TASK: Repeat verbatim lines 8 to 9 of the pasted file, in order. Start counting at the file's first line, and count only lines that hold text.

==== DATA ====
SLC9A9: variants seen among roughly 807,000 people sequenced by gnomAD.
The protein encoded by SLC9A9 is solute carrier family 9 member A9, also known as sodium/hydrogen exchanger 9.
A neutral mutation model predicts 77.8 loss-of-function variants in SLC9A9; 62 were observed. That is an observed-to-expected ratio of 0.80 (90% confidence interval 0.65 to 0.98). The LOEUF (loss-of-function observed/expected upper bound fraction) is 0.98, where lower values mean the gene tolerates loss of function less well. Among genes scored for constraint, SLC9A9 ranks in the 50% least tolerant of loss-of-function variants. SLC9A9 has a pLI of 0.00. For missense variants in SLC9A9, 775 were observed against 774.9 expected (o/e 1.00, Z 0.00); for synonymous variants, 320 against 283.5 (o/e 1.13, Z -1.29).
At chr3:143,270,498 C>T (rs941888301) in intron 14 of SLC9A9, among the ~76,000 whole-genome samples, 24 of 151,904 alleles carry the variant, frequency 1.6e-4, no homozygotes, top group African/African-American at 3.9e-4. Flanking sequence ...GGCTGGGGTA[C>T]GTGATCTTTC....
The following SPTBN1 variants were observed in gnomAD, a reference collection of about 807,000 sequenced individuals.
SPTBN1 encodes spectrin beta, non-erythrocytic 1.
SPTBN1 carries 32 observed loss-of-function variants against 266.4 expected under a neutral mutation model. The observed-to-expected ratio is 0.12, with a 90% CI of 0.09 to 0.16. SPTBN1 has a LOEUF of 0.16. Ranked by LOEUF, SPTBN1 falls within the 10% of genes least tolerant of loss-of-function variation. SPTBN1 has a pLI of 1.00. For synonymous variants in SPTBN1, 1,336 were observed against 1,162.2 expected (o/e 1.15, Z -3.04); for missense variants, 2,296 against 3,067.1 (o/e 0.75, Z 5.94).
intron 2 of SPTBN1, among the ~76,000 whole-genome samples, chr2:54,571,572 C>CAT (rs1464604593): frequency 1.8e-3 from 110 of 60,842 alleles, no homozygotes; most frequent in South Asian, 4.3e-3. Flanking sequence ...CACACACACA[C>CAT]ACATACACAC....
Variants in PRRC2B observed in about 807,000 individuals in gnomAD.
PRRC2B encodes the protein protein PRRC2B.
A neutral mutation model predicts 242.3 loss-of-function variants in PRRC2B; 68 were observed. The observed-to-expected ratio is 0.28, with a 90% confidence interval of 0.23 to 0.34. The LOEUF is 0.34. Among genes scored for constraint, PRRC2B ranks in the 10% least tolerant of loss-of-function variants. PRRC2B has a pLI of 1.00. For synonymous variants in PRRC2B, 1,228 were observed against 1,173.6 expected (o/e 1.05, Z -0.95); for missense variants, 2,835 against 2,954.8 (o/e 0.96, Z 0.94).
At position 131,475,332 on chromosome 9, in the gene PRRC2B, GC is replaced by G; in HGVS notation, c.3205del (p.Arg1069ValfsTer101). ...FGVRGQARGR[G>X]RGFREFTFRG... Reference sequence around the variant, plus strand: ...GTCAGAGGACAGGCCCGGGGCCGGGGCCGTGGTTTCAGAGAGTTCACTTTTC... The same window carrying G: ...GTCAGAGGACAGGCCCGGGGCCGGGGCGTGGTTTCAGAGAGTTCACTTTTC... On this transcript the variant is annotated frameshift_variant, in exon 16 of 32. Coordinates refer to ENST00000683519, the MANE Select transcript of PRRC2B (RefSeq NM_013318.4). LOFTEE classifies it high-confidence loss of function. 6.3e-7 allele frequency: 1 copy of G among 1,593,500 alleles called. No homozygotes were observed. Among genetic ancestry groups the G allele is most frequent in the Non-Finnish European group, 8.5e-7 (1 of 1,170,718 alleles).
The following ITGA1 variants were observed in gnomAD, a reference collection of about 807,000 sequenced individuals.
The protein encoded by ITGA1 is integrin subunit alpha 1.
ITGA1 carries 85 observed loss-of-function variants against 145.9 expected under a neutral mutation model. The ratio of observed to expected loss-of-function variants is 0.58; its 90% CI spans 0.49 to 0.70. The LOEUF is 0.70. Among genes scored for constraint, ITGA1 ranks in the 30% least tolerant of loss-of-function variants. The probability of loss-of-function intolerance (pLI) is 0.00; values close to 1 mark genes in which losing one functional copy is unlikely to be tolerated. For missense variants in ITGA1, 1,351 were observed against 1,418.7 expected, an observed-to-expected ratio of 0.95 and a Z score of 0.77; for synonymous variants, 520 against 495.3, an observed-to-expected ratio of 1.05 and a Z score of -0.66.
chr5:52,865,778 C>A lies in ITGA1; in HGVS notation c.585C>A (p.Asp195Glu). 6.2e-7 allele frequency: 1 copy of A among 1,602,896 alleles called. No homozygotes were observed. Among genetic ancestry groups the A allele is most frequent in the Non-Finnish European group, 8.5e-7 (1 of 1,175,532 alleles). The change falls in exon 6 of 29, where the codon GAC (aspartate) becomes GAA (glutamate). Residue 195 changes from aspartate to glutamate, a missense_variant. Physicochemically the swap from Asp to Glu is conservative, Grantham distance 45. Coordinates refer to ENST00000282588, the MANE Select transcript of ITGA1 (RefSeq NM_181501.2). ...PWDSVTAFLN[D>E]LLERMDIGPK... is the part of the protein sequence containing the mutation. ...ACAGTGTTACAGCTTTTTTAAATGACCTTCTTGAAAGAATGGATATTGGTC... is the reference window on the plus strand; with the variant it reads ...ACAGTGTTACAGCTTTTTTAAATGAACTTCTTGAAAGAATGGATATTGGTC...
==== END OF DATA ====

intron 2 of SPTBN1, among the ~76,000 whole-genome samples, chr2:54,571,572 C>CAT (rs1464604593): frequency 1.8e-3 from 110 of 60,842 alleles, no homozygotes; most frequent in South Asian, 4.3e-3. Flanking sequence ...CACACACACA[C>CAT]ACATACACAC....
Variants in PRRC2B observed in about 807,000 individuals in gnomAD.